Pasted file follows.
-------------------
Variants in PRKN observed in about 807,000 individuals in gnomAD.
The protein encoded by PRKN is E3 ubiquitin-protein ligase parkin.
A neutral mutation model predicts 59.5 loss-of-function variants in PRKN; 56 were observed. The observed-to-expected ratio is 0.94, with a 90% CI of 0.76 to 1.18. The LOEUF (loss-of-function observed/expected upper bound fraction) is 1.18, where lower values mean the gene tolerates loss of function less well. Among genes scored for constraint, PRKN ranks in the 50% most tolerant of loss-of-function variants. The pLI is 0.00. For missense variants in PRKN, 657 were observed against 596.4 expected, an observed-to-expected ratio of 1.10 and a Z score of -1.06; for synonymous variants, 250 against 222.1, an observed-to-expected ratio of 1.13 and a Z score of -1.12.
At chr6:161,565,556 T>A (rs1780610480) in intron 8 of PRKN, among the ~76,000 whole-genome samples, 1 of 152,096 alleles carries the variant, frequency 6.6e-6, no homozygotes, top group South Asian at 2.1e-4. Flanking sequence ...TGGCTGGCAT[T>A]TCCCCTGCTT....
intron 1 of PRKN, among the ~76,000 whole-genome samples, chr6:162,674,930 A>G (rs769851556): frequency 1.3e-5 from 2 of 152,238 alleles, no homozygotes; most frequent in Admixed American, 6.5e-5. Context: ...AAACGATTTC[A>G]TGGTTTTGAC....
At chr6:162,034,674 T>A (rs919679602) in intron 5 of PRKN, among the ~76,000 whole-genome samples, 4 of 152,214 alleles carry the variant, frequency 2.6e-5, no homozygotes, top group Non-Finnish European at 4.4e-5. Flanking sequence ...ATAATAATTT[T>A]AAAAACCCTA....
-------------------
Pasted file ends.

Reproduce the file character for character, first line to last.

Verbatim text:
Variants in PRKN observed in about 807,000 individuals in gnomAD.
The protein encoded by PRKN is E3 ubiquitin-protein ligase parkin.
A neutral mutation model predicts 59.5 loss-of-function variants in PRKN; 56 were observed. The observed-to-expected ratio is 0.94, with a 90% CI of 0.76 to 1.18. The LOEUF (loss-of-function observed/expected upper bound fraction) is 1.18, where lower values mean the gene tolerates loss of function less well. Among genes scored for constraint, PRKN ranks in the 50% most tolerant of loss-of-function variants. The pLI is 0.00. For missense variants in PRKN, 657 were observed against 596.4 expected, an observed-to-expected ratio of 1.10 and a Z score of -1.06; for synonymous variants, 250 against 222.1, an observed-to-expected ratio of 1.13 and a Z score of -1.12.
At chr6:161,565,556 T>A (rs1780610480) in intron 8 of PRKN, among the ~76,000 whole-genome samples, 1 of 152,096 alleles carries the variant, frequency 6.6e-6, no homozygotes, top group South Asian at 2.1e-4. Flanking sequence ...TGGCTGGCAT[T>A]TCCCCTGCTT....
intron 1 of PRKN, among the ~76,000 whole-genome samples, chr6:162,674,930 A>G (rs769851556): frequency 1.3e-5 from 2 of 152,238 alleles, no homozygotes; most frequent in Admixed American, 6.5e-5. Context: ...AAACGATTTC[A>G]TGGTTTTGAC....
At chr6:162,034,674 T>A (rs919679602) in intron 5 of PRKN, among the ~76,000 whole-genome samples, 4 of 152,214 alleles carry the variant, frequency 2.6e-5, no homozygotes, top group Non-Finnish European at 4.4e-5. Flanking sequence ...ATAATAATTT[T>A]AAAAACCCTA....